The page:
It’s been nearly a year since the pedal was announced at CES 2012. I saw it at the mega trade-show and was smitten, I can’t lie. Why? It promised to deliver something that was sorely missing from the native app/amp simulator ecosystem — a way to make native app mobile amp software really behave like and work with real guitar amplifiers. What was missing? Bypass. Gain. The tactile interaction of a real stompbox. Does the iRig STOMP deliver on these missing behaviors? I think it does.
The Positives I already mentioned 3 things: Bypass, gain and tactile interaction.
Bypass Part of the problem with using native apps and mobile devices as live effects processors for real amplifiers is that it can be tricky to truly bypass the apps and just hear the raw sound of your amp. It can be done, but it’s not always easy nor hassle free. It sounds silly, but one of the great things this pedal does is simply let you NOT use any effects. It lets you accomplish this with a click of your foot instead of noodling with a bunch of virtual knobs on a touch screen. That’s important.
Gain It has a built in gain boost. This really adds strength to the signal you are sending to your amp.
Tactile Interaction If it feels like a regular guitar pedal and you can hit it as hard as you would a regular pedal…it must be a real pedal right? Yes, I think it is a real guitar pedal and not a toy. As real as any A/B box or distortion pedal I’ve ever used (well, it’s still no Sovtek Big Muff, but you get what I’m saying here).
The Negatives Honestly, I can’t think of any. It’s a great interface between iOS apps and real amplifiers. It’s $ 59.99 and it works as advertised (pretty much like all the other IK Multimedia products I’ve tried). I have yet to be disappointed by any of their hardware or apps.
But Could You Really Use This At A Gig? I Mean, Really? I think you could. I was able to make my Mesa Boogie Walkabout bass amp sound like a crushingly loud Marshall JCM (again coupled with IK’s AmpliTube Slash iPad app). I don’t have a decent guitar amp these days, and I’m tempted to give this a whirl.
I’m sure purists could scoff at the idea of using a pedal to control an iPad that controls an amplifier, and honestly, I’m usually a bit squeamish about “software solutions” for guitars and basses in live situations, but this setup seems like it might actually work for my rhythm guitar aspirations.
Although I should note that in the setup I put together, I am not really able to easily simulate going from a distorted rhythm channel to a distorted lead without adding some other kind of boost pedal in the signal chain. But for switching back and forth between clean and affected tones, it was pretty great.Related Posts:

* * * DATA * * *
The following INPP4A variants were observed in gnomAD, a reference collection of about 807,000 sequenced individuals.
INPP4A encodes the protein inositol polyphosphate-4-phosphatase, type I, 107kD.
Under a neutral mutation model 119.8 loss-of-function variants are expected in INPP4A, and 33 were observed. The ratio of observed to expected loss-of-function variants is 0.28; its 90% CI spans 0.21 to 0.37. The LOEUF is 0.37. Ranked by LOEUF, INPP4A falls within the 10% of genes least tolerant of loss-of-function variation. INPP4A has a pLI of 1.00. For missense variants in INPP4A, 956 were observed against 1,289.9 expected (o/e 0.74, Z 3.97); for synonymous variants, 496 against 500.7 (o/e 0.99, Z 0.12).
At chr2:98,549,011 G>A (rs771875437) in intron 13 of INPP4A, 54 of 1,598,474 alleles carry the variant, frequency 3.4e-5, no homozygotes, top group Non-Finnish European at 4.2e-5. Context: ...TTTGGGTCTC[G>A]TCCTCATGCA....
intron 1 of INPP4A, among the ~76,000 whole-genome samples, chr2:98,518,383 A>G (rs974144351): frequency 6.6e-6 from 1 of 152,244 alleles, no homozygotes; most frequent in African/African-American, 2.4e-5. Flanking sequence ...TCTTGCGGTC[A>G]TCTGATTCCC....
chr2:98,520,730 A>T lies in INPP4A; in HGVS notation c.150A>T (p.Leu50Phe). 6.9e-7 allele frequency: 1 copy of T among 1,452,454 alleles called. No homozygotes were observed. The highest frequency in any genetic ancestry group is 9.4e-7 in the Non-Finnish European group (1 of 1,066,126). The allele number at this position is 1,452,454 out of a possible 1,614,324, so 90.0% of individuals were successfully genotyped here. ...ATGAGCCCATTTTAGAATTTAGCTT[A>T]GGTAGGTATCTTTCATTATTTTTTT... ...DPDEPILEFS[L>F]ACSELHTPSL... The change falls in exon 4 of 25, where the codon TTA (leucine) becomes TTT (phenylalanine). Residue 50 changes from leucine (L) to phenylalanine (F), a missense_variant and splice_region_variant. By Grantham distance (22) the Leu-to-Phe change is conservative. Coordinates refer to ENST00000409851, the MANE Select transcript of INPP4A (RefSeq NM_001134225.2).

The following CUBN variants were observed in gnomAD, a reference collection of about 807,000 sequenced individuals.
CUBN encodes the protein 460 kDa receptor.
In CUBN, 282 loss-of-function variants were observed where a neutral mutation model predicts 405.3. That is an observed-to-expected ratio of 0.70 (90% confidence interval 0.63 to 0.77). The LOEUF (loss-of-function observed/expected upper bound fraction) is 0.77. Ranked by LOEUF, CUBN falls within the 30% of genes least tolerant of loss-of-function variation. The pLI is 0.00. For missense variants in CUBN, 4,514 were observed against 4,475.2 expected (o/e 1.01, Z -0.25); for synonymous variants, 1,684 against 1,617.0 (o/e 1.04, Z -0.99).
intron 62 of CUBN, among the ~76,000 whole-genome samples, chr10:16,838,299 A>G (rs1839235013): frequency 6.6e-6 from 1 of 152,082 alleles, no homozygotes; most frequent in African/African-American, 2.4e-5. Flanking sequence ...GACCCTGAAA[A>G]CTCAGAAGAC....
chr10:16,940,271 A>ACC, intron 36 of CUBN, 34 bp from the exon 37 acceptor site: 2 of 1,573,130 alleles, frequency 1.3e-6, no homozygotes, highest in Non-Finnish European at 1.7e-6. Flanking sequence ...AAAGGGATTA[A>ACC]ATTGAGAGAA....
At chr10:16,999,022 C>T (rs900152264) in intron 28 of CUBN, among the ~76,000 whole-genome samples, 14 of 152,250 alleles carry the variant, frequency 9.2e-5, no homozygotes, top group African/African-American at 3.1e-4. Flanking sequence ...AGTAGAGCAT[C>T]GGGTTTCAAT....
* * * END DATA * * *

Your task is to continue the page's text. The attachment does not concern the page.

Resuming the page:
Love the look of Razer’s Battlefield 3-branded BlackShark headset that we laid our peepers on back at E3? Don’t want to commit yourself exclusively to one title? Good news: the West Coast outfit has just announced a variant that lacks any game specifics and is clothed in the signature black and green hues. You can expect a unit that wears the same, aviator-inspired stylings as the original — right down to the leatherette-sealed earcups, detachable boom microphone and splitter adapter cable. Sound good? Well, the unit will arrive sometime in September ready to dock your wallet $ 119.99. For a closer look or a bit more info, consult the gallery below and full PR after the break.
Gallery: Razer BlackShark gaming headset
If you’re in the market for a battery-powered speaker and are willing to splurge a bit, then you’d be wise to check out the 1Q from Vers. The diminutive, 3-inch cube-shaped music system is said to provide some impressive tunes all by its lonesome, but it can also be paired with another 1Q to provide true stereo sound. Also, thanks to a 3.5mm headphone jack and Bluetooth connectivity, the little guy is sure to work with any number of devices. Naturally, much of the 1Q’s allure is due to its hand-crafted wooden enclosure, which is available in walnut and bamboo varieties. The Vers 1Q has eight days left in its Kickstarter funding phase, but it’s not like the project will need your help across the finish line: it’s already surpassed the goal nine times over. Fortunately for you, this provides an opportunity to snag a 1Q for just $ 95; when it hits the market in November, the speaker will retail for $ 120. For even more details, be sure to hit up the PR after the break.
Huawei had said it would deliver the Ascend Q in August, and it didn’t waste a moment — Cricket is selling the Android 2.3 messager as of today for $ 140 on its prepaid smartphone plans. While the OS, 800MHz processor, 3.2-inch display and fixed-focus 3.2-megapixel camera won’t knock any socks off, we found the Ascend Q a solid phone for compulsive chatters when we tried it last month. There’s also a 4GB microSD card in the box to get the ball rolling. One minor surprise: Muve Music is getting a minor boost through DTS audio processing that reportedly fills out the sound. As long as there’s no expectations of a media extravaganza, Huawei’s new hardware could be one of the better bargains in Cricket’s stable.
Filed under: Cellphones
And just like that it’s back. Following a yesterday’s temporary stay of the ban on Google’s HSPA+ Galaxy Nexus by Judge Koh, the soon-to-be Jelly Bean-loaded device is again up for sale at the Play store — and a bit early than expected. If you’ll recall, Google notes that Android 4.1 apparently mitigates the issues brought up within the dispute by Apple, which has until July 12th to issue a response on the matter. Orders are slated to ship in “two to three weeks,” so we’d suggest you grab one quick while its fresh and tasty to ensure your taste buds get the latest Android sugar fix.
[Thanks to everyone who sent this in]